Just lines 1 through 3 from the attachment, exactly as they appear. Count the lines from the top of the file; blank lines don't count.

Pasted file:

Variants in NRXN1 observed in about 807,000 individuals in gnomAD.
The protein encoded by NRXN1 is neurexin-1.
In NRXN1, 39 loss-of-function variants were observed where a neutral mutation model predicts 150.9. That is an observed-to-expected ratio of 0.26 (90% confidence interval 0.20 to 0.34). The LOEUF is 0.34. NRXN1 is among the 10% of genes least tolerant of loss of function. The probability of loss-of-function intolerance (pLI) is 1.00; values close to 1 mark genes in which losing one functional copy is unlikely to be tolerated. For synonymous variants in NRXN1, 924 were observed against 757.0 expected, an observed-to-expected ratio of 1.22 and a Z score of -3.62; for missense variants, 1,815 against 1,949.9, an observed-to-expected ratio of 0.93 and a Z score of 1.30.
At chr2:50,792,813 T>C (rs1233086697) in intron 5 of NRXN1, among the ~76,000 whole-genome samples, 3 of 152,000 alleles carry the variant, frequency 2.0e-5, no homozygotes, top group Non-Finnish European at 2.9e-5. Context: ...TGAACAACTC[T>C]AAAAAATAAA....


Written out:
Variants in NRXN1 observed in about 807,000 individuals in gnomAD.
The protein encoded by NRXN1 is neurexin-1.
In NRXN1, 39 loss-of-function variants were observed where a neutral mutation model predicts 150.9. That is an observed-to-expected ratio of 0.26 (90% confidence interval 0.20 to 0.34). The LOEUF is 0.34. NRXN1 is among the 10% of genes least tolerant of loss of function. The probability of loss-of-function intolerance (pLI) is 1.00; values close to 1 mark genes in which losing one functional copy is unlikely to be tolerated. For synonymous variants in NRXN1, 924 were observed against 757.0 expected, an observed-to-expected ratio of 1.22 and a Z score of -3.62; for missense variants, 1,815 against 1,949.9, an observed-to-expected ratio of 0.93 and a Z score of 1.30.